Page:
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AT&T Says FCC Could Not Proceed With Hearing

AT&T said Friday that it believes that it withdrew its T-Mobile merger application before the Federal Communications Commission voted on an order to designate the deal for a hearing before an agency administrative law judge.

The telco also said that "any suggestion" the FCC might not withdraw it would be an "an abuse of procedure" that the company would fight.
That came after there was some suggestion by public-interest groups the FCC could hold the hearing anyway and just pass along the withdrawal request along with the case.
The FCC chairman signaled Tuesday he was circulating the order for a vote, with AT&T withdrawing its application the next day and vowing to refile it.
"We took the required actions, announced this publicly, and filed securities disclosures accordingly," said AT&T senior executive vice and general counsel Wayne Watts in a statement. "We believe the record will show that we withdrew our merger application before the FCC voted on the chairman's proposed hearing designation order. It has since been reported that the FCC must approve this withdrawal. This is not accurate. The FCC's own rules give us this right and provide that the FCC "will" grant any such withdrawal. Further, this has been the FCC's own consistent interpretation of its rules. We have every right to withdraw our merger from the FCC, and the FCC has no right to stop us. Any suggestion the agency might do otherwise would be an abuse of procedure which we would immediately challenge in court."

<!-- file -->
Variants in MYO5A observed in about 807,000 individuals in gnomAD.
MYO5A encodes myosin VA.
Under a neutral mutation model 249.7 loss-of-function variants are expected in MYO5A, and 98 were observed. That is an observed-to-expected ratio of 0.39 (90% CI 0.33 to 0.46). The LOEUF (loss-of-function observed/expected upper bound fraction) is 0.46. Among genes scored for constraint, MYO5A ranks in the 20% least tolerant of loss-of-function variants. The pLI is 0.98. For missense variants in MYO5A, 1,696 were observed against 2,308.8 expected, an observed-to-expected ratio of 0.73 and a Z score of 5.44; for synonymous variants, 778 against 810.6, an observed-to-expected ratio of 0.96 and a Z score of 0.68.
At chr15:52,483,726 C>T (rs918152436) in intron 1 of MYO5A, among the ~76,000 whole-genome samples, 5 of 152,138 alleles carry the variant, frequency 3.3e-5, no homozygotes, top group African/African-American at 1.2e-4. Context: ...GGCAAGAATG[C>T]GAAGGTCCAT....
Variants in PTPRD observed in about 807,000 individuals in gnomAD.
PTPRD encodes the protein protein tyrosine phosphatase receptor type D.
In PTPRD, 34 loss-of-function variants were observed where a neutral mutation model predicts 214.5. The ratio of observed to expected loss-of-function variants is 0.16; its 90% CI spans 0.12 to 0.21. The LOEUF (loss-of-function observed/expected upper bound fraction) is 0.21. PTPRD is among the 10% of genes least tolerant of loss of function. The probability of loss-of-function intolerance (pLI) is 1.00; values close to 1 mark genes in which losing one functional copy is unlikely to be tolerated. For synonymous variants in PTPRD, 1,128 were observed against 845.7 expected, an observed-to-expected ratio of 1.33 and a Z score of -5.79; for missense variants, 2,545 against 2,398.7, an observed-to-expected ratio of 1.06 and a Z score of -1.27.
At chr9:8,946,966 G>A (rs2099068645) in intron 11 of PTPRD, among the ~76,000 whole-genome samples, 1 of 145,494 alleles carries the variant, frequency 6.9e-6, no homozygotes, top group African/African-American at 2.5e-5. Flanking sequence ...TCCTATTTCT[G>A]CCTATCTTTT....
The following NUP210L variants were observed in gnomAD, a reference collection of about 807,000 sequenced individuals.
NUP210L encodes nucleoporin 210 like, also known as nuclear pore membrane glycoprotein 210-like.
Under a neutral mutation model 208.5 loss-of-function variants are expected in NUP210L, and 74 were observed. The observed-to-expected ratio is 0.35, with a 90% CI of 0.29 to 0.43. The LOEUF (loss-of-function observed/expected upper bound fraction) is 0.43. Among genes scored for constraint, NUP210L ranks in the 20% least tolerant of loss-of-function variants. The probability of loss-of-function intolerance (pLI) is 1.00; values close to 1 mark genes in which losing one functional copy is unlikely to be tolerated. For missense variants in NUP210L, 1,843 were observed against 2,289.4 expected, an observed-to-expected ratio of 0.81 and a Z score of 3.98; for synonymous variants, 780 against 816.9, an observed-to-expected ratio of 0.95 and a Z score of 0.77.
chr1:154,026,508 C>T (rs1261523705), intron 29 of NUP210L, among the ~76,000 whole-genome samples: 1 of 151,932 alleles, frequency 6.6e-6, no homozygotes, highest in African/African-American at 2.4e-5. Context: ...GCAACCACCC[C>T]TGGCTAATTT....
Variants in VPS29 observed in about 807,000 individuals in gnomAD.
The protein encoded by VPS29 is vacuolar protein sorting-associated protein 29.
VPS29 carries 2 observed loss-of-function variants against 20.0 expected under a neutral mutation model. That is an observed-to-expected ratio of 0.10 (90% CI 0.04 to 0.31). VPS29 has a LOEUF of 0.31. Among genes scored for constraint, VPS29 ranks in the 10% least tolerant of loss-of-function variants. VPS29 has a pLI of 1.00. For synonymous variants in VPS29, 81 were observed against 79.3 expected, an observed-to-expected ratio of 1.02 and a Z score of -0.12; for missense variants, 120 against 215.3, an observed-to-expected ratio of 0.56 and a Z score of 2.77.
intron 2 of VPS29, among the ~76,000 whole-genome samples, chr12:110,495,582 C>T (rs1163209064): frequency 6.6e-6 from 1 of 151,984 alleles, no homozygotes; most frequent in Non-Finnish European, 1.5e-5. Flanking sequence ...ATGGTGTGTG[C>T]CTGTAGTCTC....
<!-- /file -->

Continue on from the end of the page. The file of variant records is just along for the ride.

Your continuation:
AT&T already faces a February court date over the Justice Department's lawsuit against the deal as too much concentration in the wireless space. FCC chairman Julius Genachowski signaled by designating it for hearing that he agrees.

Contributing editor John Eggerton has been an editor and/or writer on media regulation, legislation and policy for over four decades, including covering the FCC, FTC, Congress, the major media trade associations, and the federal courts. In addition to Multichannel News and Broadcasting + Cable, his work has appeared in Radio World, TV Technology, TV Fax, This Week in Consumer Electronics, Variety and the Encyclopedia Britannica.